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K. Yokoi, H. S. Zhang, S. Ueno, N. H. Khu, R. Surosky, L. M. Africa, P. D. Gregory, P. A. Campochiaro; An Engineered Zinc Finger Protein Transcription Factor Promoting Expression of Pigment Epithelium-Derived Factor Yields Long-Term Inhibition of Choroidal Neovascularization. Invest. Ophthalmol. Vis. Sci. 2007;48(13):4618.
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VEGF antagonists have shown success in treating neovascular AMD, however, repeat administrations are required to maintain efficacy. In addition, targeting VEGF alone may not yield maximal therapeutic effects, as other angiogenic factors also contribute to neovascularization. Engineered zinc-finger protein transcription factors (ZFP TF) can be designed to regulate the expression of essentially any endogenous gene. We sought to use engineered ZFP TFs to activate the transcription of the Pigment Epithelium-Derived Factor (Pedf) gene, which encodes a potent natural anti-angiogenic factor, and investigated whether long-term inhibition of choroidal neovascularization (CNV) can be achieved when the ZFP activator of PEDF was delivered by an Adeno-associated viral (AAV) vector.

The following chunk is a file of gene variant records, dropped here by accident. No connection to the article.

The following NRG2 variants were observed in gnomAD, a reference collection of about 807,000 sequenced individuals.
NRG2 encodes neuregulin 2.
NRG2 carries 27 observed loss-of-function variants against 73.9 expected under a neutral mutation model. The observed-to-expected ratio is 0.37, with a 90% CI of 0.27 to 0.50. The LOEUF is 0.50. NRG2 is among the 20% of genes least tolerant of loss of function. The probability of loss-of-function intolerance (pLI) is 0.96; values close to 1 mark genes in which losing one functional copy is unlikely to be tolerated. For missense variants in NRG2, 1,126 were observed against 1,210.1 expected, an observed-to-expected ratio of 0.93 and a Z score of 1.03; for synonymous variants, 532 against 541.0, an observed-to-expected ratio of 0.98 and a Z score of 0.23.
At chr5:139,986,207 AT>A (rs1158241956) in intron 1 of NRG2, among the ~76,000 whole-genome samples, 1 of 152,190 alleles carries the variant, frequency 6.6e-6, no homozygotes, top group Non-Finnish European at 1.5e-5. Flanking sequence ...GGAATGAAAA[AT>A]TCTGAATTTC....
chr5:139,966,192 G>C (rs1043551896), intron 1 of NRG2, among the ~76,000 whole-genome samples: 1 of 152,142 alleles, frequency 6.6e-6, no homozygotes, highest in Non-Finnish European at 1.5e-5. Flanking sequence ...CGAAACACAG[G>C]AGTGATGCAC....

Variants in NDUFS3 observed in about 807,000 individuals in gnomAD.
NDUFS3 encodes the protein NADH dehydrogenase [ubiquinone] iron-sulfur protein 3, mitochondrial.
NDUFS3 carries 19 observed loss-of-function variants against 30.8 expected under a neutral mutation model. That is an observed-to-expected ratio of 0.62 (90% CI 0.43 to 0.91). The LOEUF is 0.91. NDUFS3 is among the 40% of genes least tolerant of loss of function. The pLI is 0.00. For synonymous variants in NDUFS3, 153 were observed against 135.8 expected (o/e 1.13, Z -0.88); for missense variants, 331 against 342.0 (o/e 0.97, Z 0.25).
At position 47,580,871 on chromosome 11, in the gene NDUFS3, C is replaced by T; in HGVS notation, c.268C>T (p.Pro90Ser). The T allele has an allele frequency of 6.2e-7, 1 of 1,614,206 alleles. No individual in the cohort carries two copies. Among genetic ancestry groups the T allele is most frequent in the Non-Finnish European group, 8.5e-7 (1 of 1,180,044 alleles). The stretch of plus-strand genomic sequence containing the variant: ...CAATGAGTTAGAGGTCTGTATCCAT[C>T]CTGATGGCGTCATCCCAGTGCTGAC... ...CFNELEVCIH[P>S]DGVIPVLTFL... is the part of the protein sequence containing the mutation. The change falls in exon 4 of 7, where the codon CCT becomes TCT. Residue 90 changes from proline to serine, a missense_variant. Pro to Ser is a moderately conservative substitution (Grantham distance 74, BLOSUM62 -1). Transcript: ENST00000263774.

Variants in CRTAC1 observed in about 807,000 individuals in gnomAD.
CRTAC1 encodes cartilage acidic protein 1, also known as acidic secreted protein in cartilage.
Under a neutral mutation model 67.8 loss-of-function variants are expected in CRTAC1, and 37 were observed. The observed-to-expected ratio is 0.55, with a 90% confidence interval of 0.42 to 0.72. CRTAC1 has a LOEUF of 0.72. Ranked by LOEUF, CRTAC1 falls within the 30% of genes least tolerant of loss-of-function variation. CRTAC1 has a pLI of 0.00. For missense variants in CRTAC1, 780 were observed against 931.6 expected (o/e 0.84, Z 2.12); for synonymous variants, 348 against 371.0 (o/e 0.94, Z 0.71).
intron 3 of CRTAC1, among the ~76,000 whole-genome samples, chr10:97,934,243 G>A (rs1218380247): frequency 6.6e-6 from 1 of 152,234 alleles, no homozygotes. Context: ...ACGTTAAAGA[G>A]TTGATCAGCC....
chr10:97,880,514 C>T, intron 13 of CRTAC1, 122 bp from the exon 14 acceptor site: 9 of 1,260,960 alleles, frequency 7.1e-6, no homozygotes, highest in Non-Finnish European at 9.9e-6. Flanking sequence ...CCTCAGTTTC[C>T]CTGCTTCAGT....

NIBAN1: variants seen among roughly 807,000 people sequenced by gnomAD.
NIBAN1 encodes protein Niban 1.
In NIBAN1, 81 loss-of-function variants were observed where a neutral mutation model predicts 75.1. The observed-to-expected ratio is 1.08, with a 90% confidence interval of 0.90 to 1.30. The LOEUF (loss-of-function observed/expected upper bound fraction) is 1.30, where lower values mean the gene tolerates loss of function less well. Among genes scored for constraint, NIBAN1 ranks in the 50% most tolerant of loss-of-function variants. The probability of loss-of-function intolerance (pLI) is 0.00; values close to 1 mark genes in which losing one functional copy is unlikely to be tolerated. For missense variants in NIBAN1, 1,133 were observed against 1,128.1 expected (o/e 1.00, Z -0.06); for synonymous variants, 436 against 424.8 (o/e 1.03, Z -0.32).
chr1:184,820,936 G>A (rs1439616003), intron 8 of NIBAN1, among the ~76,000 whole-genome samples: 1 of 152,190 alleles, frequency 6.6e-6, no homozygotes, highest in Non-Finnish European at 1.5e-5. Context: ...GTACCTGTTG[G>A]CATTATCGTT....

ZFP DNA binding domains (DBDs) were assembled to target the promoter of Pedf. The DBDs were linked to the activation domain of the NF-ΚB p65 subunit. The activities of these ZFPs were tested by transient transfection, followed by analysis for both mRNA and protein levels of PEDF. The effect of subretinal injection of an AAV vectors expressing the ZFP activator was tested in a mouse model of laser-induced CNV.
An engineered ZFP TF that activated PEDF expression (>20 fold) in transient transfection assays was identified. When delivered subretinally to mice using an AAV vector, this ZFP TF significantly activated transcription of PEDF (2-fold increase in Pedf mRNA, p=0.01) within posterior eye cups; it also reduced the size of laser-induced CNV by approximately 50% (p=0.004). Importantly, significant inhibition of CNV was maintained at 3 months and 6 months after a single subretinal injection.
We have identified an engineered ZFP TF that successfully up-regulates the expression of PEDF in vivo and leads to the significant and long-term (6 months) suppression of laser-induced CNV in a mouse model. The level of PEDF produced from its endogenous gene is predicted to be more "physiological" than that produced from cDNA and its sustained up-regulation therefore may be better tolerated. As AAV vectors have been reported to maintain expression in the eye for greater than one year, these data suggest that potential therapies based on a ZFP activator of PEDF may be efficacious in combating CNV without repeat administrations.
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